Apparently misnamed, the Video app is there to push purchasable content on you.
5. Confusing consistency
Undoubtedly, the majority of users will be sticking with their familiar desktop programs. While in time some of those preferred programs could get a ‘Metro’ equivalent, while many may take some time to appear — if they appear at all. Users running ‘desktop’ apps on Windows 8 will find themselves flicking between the classic desktop and the new ‘Metro’ ‘Start’ screen, two completely different-looking and -operating interfaces. Additionally, even some of Microsoft’s own tools don’t remain consistent; for example, there are now two Control Panels and to confuse things further, the desktop version can be launched from the ‘Metro’ version, but not vice versa. Some settings can also be found in both, while others are only found in one or the other.
There are now two Control Panels: one for ‘Metro’ and one for desktop Windows, but no central place to manage everything.
6. UEFI lockdown
The Unified Extensible Firmware Interface, successor to the aging BIOS that most computers have, allows for an operating system to tie directly into the hardware firmware. One of the exploits of this for Windows 8 is to try and prevent malware that runs at boot time, thereby aiding security. However, the flip side is that UEFI can be configured to not boot any operating system that hasn’t been signed — this directly impacts Linux, which due to its open-source nature, can appear in many forms and usually doesn’t have a central body that’s willing to pay to have signatures added to UEFI firmware. Red Hat and Canonical (makers of Ubuntu) are working on a solution for this, but it still leaves many other distributions out in the cold. If Linux is your main operating system, it may be wise to avoid UEFI and Windows 8 for the moment.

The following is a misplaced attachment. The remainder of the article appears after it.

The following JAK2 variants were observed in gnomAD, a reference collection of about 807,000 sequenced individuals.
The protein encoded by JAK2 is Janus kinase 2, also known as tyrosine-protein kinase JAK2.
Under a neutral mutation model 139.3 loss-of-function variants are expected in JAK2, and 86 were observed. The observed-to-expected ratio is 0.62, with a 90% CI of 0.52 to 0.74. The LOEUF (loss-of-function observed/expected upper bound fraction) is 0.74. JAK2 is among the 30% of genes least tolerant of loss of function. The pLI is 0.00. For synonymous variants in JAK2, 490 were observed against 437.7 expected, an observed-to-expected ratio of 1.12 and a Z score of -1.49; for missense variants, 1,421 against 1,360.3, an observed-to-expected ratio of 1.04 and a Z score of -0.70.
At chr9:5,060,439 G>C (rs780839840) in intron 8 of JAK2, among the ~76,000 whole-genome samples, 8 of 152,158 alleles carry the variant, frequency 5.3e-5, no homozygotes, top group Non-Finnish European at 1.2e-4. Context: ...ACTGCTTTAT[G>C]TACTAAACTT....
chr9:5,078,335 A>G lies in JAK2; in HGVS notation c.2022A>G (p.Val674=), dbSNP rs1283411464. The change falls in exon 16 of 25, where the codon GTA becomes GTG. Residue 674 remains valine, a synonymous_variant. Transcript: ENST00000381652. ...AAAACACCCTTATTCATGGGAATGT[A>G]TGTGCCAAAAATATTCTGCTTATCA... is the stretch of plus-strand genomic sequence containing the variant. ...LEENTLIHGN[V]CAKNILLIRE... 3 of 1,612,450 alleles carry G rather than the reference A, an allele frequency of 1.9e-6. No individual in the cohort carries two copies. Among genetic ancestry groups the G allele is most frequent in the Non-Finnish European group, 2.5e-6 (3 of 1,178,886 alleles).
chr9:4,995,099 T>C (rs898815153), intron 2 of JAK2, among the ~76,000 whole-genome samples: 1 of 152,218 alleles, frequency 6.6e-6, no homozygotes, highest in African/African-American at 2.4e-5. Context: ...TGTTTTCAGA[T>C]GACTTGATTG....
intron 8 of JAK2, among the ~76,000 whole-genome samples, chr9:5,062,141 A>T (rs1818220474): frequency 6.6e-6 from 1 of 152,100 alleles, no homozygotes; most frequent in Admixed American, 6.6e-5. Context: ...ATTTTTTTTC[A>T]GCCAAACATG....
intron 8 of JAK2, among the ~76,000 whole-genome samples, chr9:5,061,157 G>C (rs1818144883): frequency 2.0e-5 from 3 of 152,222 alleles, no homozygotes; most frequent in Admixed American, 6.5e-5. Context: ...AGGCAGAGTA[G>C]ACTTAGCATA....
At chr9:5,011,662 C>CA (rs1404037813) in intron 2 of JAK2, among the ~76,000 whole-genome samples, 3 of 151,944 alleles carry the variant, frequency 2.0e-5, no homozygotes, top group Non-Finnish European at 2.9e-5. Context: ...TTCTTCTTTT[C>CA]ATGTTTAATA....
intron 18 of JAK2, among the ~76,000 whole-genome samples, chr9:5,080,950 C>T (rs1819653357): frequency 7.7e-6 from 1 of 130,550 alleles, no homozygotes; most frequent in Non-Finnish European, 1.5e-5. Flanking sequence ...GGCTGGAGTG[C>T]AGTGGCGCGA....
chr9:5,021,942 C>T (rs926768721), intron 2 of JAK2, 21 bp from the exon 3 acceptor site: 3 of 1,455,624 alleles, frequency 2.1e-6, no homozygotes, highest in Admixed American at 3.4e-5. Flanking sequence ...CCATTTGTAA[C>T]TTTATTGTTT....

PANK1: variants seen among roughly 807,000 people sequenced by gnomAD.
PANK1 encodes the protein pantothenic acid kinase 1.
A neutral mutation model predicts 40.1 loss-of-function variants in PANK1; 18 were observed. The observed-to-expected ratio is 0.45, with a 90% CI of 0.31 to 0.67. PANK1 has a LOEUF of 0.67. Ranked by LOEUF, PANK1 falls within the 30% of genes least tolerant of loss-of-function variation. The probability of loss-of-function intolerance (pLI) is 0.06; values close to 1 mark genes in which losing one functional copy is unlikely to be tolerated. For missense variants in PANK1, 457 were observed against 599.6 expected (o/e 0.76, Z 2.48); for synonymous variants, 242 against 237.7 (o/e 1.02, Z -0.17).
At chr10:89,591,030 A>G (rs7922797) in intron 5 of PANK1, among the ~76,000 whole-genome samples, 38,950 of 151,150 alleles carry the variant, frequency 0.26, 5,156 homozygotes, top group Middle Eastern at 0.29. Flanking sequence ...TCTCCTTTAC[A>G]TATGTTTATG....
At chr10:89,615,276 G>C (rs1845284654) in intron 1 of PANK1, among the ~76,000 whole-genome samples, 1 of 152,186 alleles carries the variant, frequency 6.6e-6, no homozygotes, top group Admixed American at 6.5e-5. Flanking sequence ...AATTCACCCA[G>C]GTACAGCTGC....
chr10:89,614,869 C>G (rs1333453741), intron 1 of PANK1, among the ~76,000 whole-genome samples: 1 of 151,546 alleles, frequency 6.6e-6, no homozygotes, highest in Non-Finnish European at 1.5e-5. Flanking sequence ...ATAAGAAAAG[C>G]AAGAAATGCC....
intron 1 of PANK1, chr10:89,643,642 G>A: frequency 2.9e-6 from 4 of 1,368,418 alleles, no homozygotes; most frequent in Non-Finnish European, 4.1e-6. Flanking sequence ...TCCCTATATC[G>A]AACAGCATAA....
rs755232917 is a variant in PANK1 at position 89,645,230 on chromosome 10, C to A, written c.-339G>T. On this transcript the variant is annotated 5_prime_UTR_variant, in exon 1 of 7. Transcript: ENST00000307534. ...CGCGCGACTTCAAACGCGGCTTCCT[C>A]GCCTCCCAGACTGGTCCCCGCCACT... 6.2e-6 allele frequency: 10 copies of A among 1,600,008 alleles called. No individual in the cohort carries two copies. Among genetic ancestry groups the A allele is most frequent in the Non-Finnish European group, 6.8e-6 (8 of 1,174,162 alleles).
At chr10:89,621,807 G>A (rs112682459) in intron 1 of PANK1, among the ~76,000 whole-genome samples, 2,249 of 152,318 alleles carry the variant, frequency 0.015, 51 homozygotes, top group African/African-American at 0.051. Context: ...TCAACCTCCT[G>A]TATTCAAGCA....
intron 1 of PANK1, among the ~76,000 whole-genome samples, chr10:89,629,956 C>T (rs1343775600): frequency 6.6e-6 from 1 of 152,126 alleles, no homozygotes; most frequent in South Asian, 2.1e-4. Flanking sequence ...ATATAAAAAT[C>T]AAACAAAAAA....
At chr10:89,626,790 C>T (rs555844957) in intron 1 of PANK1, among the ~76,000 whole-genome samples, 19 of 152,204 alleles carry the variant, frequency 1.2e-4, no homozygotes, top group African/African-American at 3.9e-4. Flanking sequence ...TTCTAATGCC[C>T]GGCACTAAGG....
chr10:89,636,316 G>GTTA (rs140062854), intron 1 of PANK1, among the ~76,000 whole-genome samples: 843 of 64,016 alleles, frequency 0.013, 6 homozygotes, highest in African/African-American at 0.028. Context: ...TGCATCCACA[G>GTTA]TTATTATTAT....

7. Not essential
Ultimately, the most compelling reason not to upgrade from Windows 7 is the simplest: Windows 8 doesn’t do anything for you that the current version of Windows 7 you already have can’t already do. Regardless of whether you’re using Windows on your office computer, as a desktop computer at home, for gaming, or when you’re on the go on a laptop, Windows 8 really doesn’t offer much incentive. The exception is for tablets, where clearly Windows 7 isn’t right for the job anyway and Windows 8 is ideal. So if you’re in the market for a Windows tablet, we’d suggest that you definitely get one based on Windows 8. For everything else... well, do you think you really need it — and now?
It’s up to you
Invariably, Microsoft is stuck between a rock and the giant raging steel bull of progress. If Microsoft didn’t try for the mobile market with Windows 8, it would die a slow death left behind Apple and Google. At the same time jumping completely onto the mobile bandwagon, and the new interface it requires, when the whole world is used to the traditional Windows design would also be suicide as it would cannibalise the current market. The result is that Windows 8 is a confused twisted twin of the two, more resembling a Frankensteinian creation that isn’t quite fully one way or the other than a cohesive whole. Be that as it may, there’s one thing we can acknowledge Microsoft for: at least it’s innovating again.